In 2016, after five years of U.S.-brokered negotiations, Jerusalem and Amman concluded an agreement to build a pipeline that would bring natural gas from Israel’s coastal waters to Jordanian power plants. The deal is mutually beneficial, and construction is expected to be completed next year. But many Jordanian parliamentarians have condemned it; most recently, one called on his colleagues “to sacrifice their lives and their children’s lives in order to blow up” the pipeline. Edy Cohen comments:
Despite the peace treaty and two-and-a-half decades of diplomatic relations, many in Jordan continue to regard Israel as an illegitimate enemy state. The government is playing a double game: its public hostility toward Israel enables it to preserve its popularity while, behind the scenes, it maintains good relations with Israel. These covert relations are intended among other things to please the [U.S.] and to ensure the supply of water and other resources.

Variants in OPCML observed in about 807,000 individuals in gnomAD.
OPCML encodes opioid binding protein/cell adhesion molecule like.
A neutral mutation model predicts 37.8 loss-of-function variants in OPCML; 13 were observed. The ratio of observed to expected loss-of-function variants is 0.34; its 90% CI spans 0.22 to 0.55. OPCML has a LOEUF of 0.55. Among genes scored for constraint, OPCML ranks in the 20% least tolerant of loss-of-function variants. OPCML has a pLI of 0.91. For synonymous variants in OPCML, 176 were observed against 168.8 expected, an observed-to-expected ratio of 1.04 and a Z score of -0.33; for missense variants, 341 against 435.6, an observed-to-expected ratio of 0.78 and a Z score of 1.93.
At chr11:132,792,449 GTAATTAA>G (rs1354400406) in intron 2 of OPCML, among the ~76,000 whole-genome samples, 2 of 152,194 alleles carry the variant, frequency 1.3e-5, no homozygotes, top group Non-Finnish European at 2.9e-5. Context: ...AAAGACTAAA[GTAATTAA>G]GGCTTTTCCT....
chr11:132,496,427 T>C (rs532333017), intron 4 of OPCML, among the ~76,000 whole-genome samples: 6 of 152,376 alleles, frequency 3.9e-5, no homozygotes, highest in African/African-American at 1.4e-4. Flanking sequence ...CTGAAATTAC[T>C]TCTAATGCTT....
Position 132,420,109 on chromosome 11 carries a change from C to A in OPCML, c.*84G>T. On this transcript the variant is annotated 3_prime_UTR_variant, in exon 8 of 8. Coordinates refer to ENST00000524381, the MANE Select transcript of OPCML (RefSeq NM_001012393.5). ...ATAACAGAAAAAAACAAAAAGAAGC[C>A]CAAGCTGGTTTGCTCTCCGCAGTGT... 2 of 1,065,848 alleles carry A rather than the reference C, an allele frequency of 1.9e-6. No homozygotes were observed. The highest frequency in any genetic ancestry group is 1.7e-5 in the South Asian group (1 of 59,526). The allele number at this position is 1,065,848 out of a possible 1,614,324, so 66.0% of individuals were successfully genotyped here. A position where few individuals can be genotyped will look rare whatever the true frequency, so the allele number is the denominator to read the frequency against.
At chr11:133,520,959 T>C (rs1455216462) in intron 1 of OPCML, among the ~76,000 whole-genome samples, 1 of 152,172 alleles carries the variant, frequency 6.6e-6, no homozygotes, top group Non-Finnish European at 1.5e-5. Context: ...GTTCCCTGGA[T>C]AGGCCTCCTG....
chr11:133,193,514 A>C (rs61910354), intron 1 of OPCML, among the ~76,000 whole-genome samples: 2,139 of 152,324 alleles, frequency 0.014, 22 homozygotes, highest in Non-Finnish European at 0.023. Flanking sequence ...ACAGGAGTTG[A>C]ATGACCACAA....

Thus, despite the fiery rhetoric, the Jordanian government behaves rationally. It is in no hurry to make declarations that would lead to the canceling of the deal, which is vital to the kingdom. [But] King Abdullah has yet to make a statement on the issue. At the end of April the Jordanian media reported that the monarch had been given a report analyzing the gas deal with Israel and the ramifications of continuing or freezing it.
It is unlikely Jordan will back out of the deal. Whether Abdullah will publicly affirm the importance of his country’s alliance with Israel is another matter entirely.